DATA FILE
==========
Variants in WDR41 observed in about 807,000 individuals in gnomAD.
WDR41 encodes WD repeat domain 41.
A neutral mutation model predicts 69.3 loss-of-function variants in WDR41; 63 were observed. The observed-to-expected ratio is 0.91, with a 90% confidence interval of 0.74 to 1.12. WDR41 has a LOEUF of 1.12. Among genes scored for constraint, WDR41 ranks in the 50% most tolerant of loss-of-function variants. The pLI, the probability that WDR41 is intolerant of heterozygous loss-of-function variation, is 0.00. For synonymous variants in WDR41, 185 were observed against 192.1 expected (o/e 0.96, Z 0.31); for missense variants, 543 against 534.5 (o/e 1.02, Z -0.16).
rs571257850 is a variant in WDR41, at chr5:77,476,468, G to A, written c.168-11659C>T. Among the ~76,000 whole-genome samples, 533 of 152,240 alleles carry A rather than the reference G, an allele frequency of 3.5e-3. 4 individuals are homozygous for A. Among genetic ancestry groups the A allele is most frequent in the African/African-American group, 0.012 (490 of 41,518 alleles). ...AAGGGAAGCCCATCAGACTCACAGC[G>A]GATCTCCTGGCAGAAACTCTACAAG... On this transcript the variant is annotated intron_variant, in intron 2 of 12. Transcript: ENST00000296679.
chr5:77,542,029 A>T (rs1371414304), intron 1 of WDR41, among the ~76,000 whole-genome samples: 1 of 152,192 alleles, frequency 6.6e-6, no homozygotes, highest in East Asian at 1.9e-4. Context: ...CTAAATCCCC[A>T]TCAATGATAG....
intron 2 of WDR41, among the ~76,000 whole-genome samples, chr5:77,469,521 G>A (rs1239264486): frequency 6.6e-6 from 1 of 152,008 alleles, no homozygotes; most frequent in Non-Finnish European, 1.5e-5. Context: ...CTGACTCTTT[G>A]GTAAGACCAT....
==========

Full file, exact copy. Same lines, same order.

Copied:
Variants in WDR41 observed in about 807,000 individuals in gnomAD.
WDR41 encodes WD repeat domain 41.
A neutral mutation model predicts 69.3 loss-of-function variants in WDR41; 63 were observed. The observed-to-expected ratio is 0.91, with a 90% confidence interval of 0.74 to 1.12. WDR41 has a LOEUF of 1.12. Among genes scored for constraint, WDR41 ranks in the 50% most tolerant of loss-of-function variants. The pLI, the probability that WDR41 is intolerant of heterozygous loss-of-function variation, is 0.00. For synonymous variants in WDR41, 185 were observed against 192.1 expected (o/e 0.96, Z 0.31); for missense variants, 543 against 534.5 (o/e 1.02, Z -0.16).
rs571257850 is a variant in WDR41, at chr5:77,476,468, G to A, written c.168-11659C>T. Among the ~76,000 whole-genome samples, 533 of 152,240 alleles carry A rather than the reference G, an allele frequency of 3.5e-3. 4 individuals are homozygous for A. Among genetic ancestry groups the A allele is most frequent in the African/African-American group, 0.012 (490 of 41,518 alleles). ...AAGGGAAGCCCATCAGACTCACAGC[G>A]GATCTCCTGGCAGAAACTCTACAAG... On this transcript the variant is annotated intron_variant, in intron 2 of 12. Transcript: ENST00000296679.
chr5:77,542,029 A>T (rs1371414304), intron 1 of WDR41, among the ~76,000 whole-genome samples: 1 of 152,192 alleles, frequency 6.6e-6, no homozygotes, highest in East Asian at 1.9e-4. Context: ...CTAAATCCCC[A>T]TCAATGATAG....
intron 2 of WDR41, among the ~76,000 whole-genome samples, chr5:77,469,521 G>A (rs1239264486): frequency 6.6e-6 from 1 of 152,008 alleles, no homozygotes; most frequent in Non-Finnish European, 1.5e-5. Context: ...CTGACTCTTT[G>A]GTAAGACCAT....